After a divorce involving children or when an unmarried couple has a child from their relationship, typically one parent is a custodial parent and the other is the non-custodial parent. The non-custodial parent is obligated to pay monthly child support to the custodial parent, and, depending on the circumstances, may have visitation rights to see the child.
Child support guidelines vary from state to state. In Florida, child support guidelines take into consideration the number of overnights the child spends with each parent. Depending on this, the child support payment is accordingly increased, decreased or completely eliminated. However, when a parent is court-ordered to pay child support, he or she must do so. Failure to pay child support has consequences.
Recently, federal prosecutors arrested and took into custody a 50-year old man for failure to pay child support. The man had accumulated more than $1.2 million in child support arrears. The man apparently underreported his income for over 10 years and moved from New York to Florida to Thailand to avoid paying child support. He has three children from two previous marriages. The Office of Inspector General maintains a list of deadbeat parents and includes information about their whereabouts and the sum of monies they owe.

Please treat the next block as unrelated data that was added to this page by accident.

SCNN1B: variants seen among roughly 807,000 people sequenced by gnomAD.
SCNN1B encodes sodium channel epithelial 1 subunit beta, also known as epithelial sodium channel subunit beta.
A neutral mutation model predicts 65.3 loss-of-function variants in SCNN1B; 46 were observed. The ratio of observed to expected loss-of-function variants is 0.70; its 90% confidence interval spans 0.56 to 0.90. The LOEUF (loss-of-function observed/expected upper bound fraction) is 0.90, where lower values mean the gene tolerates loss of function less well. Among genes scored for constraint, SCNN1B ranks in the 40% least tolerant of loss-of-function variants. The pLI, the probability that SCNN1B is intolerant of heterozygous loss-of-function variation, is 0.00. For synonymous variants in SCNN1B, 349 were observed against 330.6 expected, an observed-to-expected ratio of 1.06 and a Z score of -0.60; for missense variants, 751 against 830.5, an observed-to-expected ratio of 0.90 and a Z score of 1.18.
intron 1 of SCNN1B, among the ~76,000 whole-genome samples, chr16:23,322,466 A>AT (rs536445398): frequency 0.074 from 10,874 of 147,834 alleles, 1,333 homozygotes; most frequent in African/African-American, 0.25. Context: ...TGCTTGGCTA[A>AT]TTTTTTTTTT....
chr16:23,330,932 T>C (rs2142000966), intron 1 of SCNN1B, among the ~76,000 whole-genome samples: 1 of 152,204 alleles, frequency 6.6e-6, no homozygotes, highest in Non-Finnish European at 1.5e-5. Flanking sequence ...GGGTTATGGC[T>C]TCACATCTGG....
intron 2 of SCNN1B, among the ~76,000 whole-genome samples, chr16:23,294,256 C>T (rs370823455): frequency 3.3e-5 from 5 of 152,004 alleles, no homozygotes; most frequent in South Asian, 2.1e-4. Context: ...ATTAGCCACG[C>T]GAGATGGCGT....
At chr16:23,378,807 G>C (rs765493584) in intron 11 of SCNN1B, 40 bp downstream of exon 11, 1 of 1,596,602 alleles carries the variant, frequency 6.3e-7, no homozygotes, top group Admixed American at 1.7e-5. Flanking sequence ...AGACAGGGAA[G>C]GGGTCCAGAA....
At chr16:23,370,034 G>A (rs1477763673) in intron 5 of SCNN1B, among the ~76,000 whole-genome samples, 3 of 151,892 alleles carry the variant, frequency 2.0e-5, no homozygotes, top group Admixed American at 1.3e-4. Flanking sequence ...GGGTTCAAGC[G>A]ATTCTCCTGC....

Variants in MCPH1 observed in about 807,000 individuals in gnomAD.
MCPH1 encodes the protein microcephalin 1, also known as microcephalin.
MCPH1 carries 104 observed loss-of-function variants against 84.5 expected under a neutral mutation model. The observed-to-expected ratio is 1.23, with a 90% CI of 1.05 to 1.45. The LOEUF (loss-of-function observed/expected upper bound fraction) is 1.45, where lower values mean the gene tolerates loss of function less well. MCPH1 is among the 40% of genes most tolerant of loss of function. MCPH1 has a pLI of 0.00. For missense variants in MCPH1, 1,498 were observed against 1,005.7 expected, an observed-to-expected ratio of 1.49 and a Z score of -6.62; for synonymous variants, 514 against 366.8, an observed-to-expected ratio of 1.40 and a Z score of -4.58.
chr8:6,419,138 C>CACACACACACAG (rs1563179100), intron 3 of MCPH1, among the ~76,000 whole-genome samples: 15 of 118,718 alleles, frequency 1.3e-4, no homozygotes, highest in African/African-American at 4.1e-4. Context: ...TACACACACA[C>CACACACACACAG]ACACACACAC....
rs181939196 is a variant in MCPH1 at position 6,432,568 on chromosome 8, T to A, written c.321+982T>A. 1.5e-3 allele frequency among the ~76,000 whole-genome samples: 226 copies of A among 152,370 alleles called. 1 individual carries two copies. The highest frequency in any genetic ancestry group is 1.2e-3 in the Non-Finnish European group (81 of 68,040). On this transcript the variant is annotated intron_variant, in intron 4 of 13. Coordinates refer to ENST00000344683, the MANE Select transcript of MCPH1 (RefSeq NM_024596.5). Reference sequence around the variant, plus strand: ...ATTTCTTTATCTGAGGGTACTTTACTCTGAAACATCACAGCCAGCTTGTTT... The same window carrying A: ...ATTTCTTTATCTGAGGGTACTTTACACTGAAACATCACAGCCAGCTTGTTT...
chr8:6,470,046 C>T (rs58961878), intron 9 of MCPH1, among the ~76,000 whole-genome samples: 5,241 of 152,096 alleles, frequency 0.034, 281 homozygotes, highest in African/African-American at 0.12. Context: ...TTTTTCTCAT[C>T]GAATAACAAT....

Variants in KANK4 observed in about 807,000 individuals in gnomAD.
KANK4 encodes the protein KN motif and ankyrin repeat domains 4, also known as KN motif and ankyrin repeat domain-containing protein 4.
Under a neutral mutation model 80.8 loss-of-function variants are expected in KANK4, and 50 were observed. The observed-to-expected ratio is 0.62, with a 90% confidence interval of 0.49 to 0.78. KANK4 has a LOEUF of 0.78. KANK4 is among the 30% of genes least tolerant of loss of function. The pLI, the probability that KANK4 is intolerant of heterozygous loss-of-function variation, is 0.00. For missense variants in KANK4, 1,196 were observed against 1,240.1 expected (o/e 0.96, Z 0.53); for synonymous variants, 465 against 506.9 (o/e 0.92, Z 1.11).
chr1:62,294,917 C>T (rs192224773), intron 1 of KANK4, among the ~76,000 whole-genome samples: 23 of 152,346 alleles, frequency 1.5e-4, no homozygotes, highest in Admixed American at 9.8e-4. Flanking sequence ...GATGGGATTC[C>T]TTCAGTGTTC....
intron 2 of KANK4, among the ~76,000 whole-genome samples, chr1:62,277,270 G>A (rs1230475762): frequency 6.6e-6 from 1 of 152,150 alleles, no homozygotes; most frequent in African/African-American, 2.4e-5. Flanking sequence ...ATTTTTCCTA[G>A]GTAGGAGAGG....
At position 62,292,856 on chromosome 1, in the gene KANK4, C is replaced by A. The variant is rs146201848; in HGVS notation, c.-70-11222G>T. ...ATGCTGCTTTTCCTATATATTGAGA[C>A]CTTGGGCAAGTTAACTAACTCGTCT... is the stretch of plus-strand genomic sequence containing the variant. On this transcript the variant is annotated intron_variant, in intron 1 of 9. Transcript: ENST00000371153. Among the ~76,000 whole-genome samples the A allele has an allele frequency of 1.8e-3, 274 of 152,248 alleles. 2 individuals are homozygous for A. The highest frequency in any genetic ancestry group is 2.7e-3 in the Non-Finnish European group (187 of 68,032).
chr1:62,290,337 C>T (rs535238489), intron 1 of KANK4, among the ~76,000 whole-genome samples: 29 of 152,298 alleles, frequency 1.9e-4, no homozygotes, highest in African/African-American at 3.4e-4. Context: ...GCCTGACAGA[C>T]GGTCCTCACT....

It is extremely important for a non-custodial parent to understand that when a court orders child support, it is important to do one's best to meet that obligation. Failure to pay child support may result in jail time, suspension of one's driver's license and more. If circumstances arise where one is not able to pay the amount because of a loss of one's job or decrease in income, it is crucial to file for a modification of child support. The laws surrounding these issues may overwhelm a person, and thus one should not hesitate to seek an expert's opinion on one's particular situation to get an honest assessment.
Source: Huffington Post, "Child Support Offender, Robert Sand, Arrested In Los Angeles," Dec. 19, 2012